When Luxury Doesn’t Mean Custom
As luxury adventures go, this one from The Four Seasons has been getting plenty of attention for being an over-the-top, around-the-world trip on a private jet in 24 days. A bit ago The New York Times decided to give it an objective and very fair review, which you can read right here.
What was the verdict? For starters, that the opulence and excess of the $120,000-per person trip’s ultimate five-star experience was nothing short of incredible. And it adds: “Then there’s the luxury of service — having people around at each instant to take care of stuff so you can think about something else.” That convenience and service enabled the trip’s guests to see far more of the world in a far shorter period of time (thanks partly to the jet, and partly to the lack of hassles) than they would otherwise be able to.
And yet, it also takes care to mention that the trip left something to be desired because of that. Its itinerary glossed over some of the world’s most historic and breathtaking sites in favor of expediency for the group. And as a result it left out many of the slower, more contemplative–and personal–interactions that are often the most meaningful for travelers interacting with a new environment.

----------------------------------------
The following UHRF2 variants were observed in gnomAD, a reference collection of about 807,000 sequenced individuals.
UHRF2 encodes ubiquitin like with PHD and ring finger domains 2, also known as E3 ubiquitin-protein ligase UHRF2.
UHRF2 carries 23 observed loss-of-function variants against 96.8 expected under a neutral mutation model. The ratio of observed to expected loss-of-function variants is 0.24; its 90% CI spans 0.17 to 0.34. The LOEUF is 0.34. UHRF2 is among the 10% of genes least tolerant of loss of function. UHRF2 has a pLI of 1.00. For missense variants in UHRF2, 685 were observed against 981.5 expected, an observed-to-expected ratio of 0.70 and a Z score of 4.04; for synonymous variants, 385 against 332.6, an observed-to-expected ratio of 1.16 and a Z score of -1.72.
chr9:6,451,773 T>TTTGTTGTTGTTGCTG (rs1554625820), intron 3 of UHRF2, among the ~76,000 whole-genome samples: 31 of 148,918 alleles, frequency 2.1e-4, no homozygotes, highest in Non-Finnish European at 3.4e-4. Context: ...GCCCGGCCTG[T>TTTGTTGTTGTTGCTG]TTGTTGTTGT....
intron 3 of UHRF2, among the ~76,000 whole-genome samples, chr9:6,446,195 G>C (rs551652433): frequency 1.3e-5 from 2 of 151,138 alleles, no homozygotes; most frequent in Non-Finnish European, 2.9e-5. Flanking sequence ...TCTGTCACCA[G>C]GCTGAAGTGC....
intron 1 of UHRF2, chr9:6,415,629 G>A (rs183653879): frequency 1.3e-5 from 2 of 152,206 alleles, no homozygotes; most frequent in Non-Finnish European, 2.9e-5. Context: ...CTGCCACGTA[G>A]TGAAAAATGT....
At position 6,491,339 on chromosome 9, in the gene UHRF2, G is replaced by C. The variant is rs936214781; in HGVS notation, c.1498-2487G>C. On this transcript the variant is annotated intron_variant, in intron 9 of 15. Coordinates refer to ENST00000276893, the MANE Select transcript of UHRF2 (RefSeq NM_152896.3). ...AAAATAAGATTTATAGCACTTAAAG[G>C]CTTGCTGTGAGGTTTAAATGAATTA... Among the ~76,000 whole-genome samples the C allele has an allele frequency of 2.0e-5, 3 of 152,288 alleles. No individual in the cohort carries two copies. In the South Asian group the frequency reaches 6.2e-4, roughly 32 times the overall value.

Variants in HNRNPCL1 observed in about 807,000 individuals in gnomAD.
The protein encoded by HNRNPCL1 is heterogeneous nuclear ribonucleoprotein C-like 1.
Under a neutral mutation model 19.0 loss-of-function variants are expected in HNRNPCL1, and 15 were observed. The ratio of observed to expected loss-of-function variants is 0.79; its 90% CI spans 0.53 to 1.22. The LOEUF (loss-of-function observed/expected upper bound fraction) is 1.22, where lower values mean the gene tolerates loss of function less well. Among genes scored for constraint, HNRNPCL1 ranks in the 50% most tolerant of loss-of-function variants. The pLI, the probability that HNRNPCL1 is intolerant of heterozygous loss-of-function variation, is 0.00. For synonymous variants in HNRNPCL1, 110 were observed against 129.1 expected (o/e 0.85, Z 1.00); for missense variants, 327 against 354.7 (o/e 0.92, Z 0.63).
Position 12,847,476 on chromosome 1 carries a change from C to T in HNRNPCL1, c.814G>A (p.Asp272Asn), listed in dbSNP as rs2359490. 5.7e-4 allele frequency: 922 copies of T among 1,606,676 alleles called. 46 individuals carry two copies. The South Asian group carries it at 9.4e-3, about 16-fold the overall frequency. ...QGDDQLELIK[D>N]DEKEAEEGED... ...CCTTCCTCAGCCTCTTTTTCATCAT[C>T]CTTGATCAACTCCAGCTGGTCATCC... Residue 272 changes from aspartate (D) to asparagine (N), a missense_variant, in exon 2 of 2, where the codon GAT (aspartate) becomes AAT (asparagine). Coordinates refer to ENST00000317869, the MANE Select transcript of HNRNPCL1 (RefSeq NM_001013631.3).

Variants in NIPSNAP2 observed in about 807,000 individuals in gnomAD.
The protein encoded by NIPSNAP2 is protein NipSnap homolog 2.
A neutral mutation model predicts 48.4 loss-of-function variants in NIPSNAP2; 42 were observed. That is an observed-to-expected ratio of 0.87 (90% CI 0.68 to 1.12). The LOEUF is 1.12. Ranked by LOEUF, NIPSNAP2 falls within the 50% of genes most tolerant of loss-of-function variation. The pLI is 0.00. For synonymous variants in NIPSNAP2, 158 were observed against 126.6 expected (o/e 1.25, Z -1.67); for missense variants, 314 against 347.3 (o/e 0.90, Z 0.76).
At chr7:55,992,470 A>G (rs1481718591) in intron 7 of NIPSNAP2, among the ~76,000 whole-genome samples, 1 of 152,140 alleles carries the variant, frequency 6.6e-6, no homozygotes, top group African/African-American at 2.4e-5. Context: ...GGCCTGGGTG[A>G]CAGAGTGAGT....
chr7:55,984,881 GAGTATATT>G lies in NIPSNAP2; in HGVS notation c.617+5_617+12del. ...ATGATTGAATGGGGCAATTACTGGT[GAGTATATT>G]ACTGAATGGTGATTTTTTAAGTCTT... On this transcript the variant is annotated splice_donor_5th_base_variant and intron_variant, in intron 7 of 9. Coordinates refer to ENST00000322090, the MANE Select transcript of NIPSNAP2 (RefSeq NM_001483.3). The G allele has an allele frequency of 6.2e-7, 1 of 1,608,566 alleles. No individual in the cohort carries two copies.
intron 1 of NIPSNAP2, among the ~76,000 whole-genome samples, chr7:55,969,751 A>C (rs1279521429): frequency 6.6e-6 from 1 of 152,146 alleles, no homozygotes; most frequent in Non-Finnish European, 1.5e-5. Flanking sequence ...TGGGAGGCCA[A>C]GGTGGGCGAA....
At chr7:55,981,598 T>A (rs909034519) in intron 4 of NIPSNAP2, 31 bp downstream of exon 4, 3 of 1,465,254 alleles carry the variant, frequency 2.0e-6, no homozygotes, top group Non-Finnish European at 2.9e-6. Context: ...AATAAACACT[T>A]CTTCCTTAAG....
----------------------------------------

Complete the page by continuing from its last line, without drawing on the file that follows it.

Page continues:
To me this is proof that high-end experiences aren’t necessarily always customized or personal. And that even the most expensive and excellent service can suffer for its ‘one size fits all’ approach.
“Sometimes money backfires,” writes the article’s author. “People buy a house with a huge yard, but they are so far removed from their neighbors they never really experience community. Sometimes people design an apartment so in line with Architectural Digest-level perfection that they can never really be rambunctious or feel at home.
I really enjoyed tagging along with this gang for part of their journey. But some of the most memorable moments came from breaking away, wandering alone through the astonishing streets of St. Petersburg, one of the world’s great cities.”
That’s exactly why, at OneVision, we simply don’t do ‘one size fits all.’ To us, impeccable service automatically means taking the time to listen and pay attention to personal needs and preferences, taking care to value and account for the nuances of every client’s lifestyle. But that also raises the question: If The Four Seasons can’t manage to scale that, how can we?
Here’s how: We never say no to a client who wants to work with us to create an experience. That may ultimately take more of our time and mean a bigger budget to them, but if they give us the resources to accommodate their specific and personal requests, we can–and always do–make it happen.
Read more about what we believe defines five-star service here.